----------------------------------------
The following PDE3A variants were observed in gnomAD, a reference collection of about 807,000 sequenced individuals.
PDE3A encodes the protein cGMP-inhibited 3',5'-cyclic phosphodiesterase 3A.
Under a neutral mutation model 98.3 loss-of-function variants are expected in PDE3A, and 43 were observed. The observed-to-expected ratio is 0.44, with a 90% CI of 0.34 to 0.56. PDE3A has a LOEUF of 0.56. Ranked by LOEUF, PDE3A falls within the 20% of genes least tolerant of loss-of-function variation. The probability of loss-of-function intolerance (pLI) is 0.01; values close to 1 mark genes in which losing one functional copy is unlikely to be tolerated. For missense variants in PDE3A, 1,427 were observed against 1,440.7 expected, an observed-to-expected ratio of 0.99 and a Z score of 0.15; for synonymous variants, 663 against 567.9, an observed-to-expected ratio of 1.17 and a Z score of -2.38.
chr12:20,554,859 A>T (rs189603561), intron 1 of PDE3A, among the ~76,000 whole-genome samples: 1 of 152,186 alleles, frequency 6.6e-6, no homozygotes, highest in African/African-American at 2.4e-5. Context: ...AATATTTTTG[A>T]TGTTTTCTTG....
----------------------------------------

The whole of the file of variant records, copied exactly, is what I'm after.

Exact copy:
The following PDE3A variants were observed in gnomAD, a reference collection of about 807,000 sequenced individuals.
PDE3A encodes the protein cGMP-inhibited 3',5'-cyclic phosphodiesterase 3A.
Under a neutral mutation model 98.3 loss-of-function variants are expected in PDE3A, and 43 were observed. The observed-to-expected ratio is 0.44, with a 90% CI of 0.34 to 0.56. PDE3A has a LOEUF of 0.56. Ranked by LOEUF, PDE3A falls within the 20% of genes least tolerant of loss-of-function variation. The probability of loss-of-function intolerance (pLI) is 0.01; values close to 1 mark genes in which losing one functional copy is unlikely to be tolerated. For missense variants in PDE3A, 1,427 were observed against 1,440.7 expected, an observed-to-expected ratio of 0.99 and a Z score of 0.15; for synonymous variants, 663 against 567.9, an observed-to-expected ratio of 1.17 and a Z score of -2.38.
chr12:20,554,859 A>T (rs189603561), intron 1 of PDE3A, among the ~76,000 whole-genome samples: 1 of 152,186 alleles, frequency 6.6e-6, no homozygotes, highest in African/African-American at 2.4e-5. Context: ...AATATTTTTG[A>T]TGTTTTCTTG....